Tarr's Triumph

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X:1 T:Tarr's Triumph, or Bawdy-House Riot M:6/8 L:1/8 R:Jig B:R. Baldwin - London Magazine; or, Gentleman's Monthly Intelligencer (Sept. 1750, p. 470) Z:AK/Fiddler's Companion K:D d2a afd|dfa afd|d2a afd|cea ecA| d2a afd|ee f^gf|^gea cdB|A2A, A,2:| |:A2e ecA|dBd cBA|c2e ecA|afd ecA| d2a afd|Beg ecA|BdB cAd|FGE D2:|



The Tarr's Triumph, or Bawdy House Battery. Satirical print, 1749.
TARR'S TRIUMPH. AKA - "Bawdy-House Riot". English, Jig and Country Dance Tune (6/8 time). D Major. Standard tuning (fiddle). AABB. The title refers to the Penlez riots of July, 1749, when a number of brothels in the Strand area were wrecked by sailors. Trouble began when a group of seamen stopped at a brothel called The Crown, where they were robbed of their watches, bank-notes and some money; although they demanded restitution, they were evicted from the brothel. They gathered some friends and went back at night, broke into the establishment and trashed it. The following night they returned to the area and trashed two more brothels. Soldiers were dispatched to reestablish order, leading to the arrest of several men. Eventually, two men were convicted of charges. One of them, the unlucky Bosavern Penlez, was found with clothing and other items from one of the brothels when arrested. As he was charged with the additional count of theft in addition to rioting (the charge was 'treason'), the King chose to allow his execution to proceed, while pardoning the other man. Thus he pandered to the mob by one act of mercy, and to law-and-order conservatives with a capital punishment.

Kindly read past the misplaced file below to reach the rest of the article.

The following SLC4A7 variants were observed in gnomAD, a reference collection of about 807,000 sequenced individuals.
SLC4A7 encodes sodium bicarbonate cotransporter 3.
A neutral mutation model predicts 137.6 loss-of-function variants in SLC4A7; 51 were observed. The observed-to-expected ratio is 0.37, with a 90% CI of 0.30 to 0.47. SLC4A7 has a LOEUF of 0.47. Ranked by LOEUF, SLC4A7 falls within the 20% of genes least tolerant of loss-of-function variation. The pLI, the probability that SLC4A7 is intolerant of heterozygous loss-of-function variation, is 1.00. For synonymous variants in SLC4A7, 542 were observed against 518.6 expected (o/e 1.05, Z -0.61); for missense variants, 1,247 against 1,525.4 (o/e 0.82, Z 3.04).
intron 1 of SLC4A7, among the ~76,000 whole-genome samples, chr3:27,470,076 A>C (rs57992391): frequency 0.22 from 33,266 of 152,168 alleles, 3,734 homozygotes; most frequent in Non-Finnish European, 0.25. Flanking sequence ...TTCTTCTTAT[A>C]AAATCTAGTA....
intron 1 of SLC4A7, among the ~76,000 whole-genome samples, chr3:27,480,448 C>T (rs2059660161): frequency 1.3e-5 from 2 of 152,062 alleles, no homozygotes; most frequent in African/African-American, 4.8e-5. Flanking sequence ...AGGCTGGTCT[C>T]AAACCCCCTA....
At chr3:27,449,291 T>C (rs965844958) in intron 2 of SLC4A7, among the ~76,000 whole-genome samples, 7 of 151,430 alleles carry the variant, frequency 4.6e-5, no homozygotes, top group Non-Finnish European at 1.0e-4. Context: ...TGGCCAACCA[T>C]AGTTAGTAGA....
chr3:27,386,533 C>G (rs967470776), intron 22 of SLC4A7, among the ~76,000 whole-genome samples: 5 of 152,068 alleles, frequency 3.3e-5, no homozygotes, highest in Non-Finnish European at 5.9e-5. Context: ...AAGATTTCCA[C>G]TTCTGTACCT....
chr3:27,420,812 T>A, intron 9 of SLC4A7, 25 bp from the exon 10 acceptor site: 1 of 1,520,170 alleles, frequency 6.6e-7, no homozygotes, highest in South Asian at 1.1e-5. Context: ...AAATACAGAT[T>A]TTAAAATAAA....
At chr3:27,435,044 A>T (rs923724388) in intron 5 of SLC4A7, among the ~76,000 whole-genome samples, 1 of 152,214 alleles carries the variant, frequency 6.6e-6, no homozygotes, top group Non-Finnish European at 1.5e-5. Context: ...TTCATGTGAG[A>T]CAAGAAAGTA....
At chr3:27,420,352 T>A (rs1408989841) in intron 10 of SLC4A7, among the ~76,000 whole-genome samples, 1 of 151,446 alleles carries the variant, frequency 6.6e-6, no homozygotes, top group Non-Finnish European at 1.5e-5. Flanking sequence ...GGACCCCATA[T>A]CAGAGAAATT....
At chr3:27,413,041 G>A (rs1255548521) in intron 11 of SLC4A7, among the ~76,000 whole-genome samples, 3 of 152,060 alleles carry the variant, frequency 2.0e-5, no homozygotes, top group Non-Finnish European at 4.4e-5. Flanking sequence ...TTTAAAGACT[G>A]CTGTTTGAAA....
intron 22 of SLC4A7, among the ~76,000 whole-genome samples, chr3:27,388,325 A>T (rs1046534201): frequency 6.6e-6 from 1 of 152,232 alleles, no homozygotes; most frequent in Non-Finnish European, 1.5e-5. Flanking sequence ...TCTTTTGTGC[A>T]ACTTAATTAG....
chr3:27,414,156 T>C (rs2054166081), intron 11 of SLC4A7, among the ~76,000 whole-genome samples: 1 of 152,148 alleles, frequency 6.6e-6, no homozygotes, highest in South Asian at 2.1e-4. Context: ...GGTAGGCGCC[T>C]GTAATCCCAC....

Additional notes



Printed sources : - Richard Baldwin (London Magazine; or, Gentleman's Monthly Intelligencer), October, 1750; p. 470. John Walsh (The Complete Country Dancing Master. Volume the Fifth), October, 1750; p. 470.






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